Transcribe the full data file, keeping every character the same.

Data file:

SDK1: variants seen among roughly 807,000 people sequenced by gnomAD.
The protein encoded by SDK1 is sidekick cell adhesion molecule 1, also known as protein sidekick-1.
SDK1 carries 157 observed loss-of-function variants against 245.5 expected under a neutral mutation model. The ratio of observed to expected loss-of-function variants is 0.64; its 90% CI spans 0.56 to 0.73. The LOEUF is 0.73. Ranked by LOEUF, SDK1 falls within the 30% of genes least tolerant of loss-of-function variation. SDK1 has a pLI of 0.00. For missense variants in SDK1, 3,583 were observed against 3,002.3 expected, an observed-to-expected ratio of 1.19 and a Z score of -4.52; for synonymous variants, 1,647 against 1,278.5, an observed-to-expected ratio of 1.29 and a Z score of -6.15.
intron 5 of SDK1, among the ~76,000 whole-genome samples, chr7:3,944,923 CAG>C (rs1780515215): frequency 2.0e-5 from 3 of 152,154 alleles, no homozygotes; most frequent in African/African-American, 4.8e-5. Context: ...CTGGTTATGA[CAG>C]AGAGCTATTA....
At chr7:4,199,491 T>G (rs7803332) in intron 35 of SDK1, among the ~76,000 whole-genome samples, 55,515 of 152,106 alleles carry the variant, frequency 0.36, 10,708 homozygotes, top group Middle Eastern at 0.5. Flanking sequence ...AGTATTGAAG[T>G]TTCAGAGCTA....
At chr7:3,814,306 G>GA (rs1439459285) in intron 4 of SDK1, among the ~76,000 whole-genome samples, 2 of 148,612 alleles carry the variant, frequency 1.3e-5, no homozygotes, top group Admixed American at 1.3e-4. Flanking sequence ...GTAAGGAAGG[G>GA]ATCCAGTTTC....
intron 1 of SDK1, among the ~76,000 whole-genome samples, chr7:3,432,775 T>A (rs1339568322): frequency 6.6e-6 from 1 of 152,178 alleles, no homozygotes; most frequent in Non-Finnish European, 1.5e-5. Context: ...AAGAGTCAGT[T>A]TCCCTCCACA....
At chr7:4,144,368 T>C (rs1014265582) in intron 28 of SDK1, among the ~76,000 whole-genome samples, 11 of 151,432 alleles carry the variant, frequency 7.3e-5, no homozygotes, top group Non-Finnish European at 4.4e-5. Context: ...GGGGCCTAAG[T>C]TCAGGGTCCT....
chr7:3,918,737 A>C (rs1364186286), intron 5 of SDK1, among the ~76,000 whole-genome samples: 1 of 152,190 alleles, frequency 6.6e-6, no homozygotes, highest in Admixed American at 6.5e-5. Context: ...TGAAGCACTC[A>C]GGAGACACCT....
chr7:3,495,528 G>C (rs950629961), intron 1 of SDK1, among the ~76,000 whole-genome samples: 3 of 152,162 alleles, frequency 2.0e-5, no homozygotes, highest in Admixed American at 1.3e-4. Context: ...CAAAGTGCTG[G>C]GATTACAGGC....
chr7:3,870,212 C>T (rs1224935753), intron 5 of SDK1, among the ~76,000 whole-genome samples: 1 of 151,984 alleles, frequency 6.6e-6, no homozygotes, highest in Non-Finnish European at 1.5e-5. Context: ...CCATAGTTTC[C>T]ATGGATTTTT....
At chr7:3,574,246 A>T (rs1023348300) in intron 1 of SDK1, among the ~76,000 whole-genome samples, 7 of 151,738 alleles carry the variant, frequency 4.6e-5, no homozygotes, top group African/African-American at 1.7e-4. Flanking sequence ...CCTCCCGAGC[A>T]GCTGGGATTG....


SDK1: variants seen among roughly 807,000 people sequenced by gnomAD.
The protein encoded by SDK1 is sidekick cell adhesion molecule 1, also known as protein sidekick-1.
SDK1 carries 157 observed loss-of-function variants against 245.5 expected under a neutral mutation model. The ratio of observed to expected loss-of-function variants is 0.64; its 90% CI spans 0.56 to 0.73. The LOEUF is 0.73. Ranked by LOEUF, SDK1 falls within the 30% of genes least tolerant of loss-of-function variation. SDK1 has a pLI of 0.00. For missense variants in SDK1, 3,583 were observed against 3,002.3 expected, an observed-to-expected ratio of 1.19 and a Z score of -4.52; for synonymous variants, 1,647 against 1,278.5, an observed-to-expected ratio of 1.29 and a Z score of -6.15.
intron 5 of SDK1, among the ~76,000 whole-genome samples, chr7:3,944,923 CAG>C (rs1780515215): frequency 2.0e-5 from 3 of 152,154 alleles, no homozygotes; most frequent in African/African-American, 4.8e-5. Context: ...CTGGTTATGA[CAG>C]AGAGCTATTA....
At chr7:4,199,491 T>G (rs7803332) in intron 35 of SDK1, among the ~76,000 whole-genome samples, 55,515 of 152,106 alleles carry the variant, frequency 0.36, 10,708 homozygotes, top group Middle Eastern at 0.5. Flanking sequence ...AGTATTGAAG[T>G]TTCAGAGCTA....
At chr7:3,814,306 G>GA (rs1439459285) in intron 4 of SDK1, among the ~76,000 whole-genome samples, 2 of 148,612 alleles carry the variant, frequency 1.3e-5, no homozygotes, top group Admixed American at 1.3e-4. Flanking sequence ...GTAAGGAAGG[G>GA]ATCCAGTTTC....
intron 1 of SDK1, among the ~76,000 whole-genome samples, chr7:3,432,775 T>A (rs1339568322): frequency 6.6e-6 from 1 of 152,178 alleles, no homozygotes; most frequent in Non-Finnish European, 1.5e-5. Context: ...AAGAGTCAGT[T>A]TCCCTCCACA....
At chr7:4,144,368 T>C (rs1014265582) in intron 28 of SDK1, among the ~76,000 whole-genome samples, 11 of 151,432 alleles carry the variant, frequency 7.3e-5, no homozygotes, top group Non-Finnish European at 4.4e-5. Context: ...GGGGCCTAAG[T>C]TCAGGGTCCT....
chr7:3,918,737 A>C (rs1364186286), intron 5 of SDK1, among the ~76,000 whole-genome samples: 1 of 152,190 alleles, frequency 6.6e-6, no homozygotes, highest in Admixed American at 6.5e-5. Context: ...TGAAGCACTC[A>C]GGAGACACCT....
chr7:3,495,528 G>C (rs950629961), intron 1 of SDK1, among the ~76,000 whole-genome samples: 3 of 152,162 alleles, frequency 2.0e-5, no homozygotes, highest in Admixed American at 1.3e-4. Context: ...CAAAGTGCTG[G>C]GATTACAGGC....
chr7:3,870,212 C>T (rs1224935753), intron 5 of SDK1, among the ~76,000 whole-genome samples: 1 of 151,984 alleles, frequency 6.6e-6, no homozygotes, highest in Non-Finnish European at 1.5e-5. Context: ...CCATAGTTTC[C>T]ATGGATTTTT....
At chr7:3,574,246 A>T (rs1023348300) in intron 1 of SDK1, among the ~76,000 whole-genome samples, 7 of 151,738 alleles carry the variant, frequency 4.6e-5, no homozygotes, top group African/African-American at 1.7e-4. Flanking sequence ...CCTCCCGAGC[A>T]GCTGGGATTG....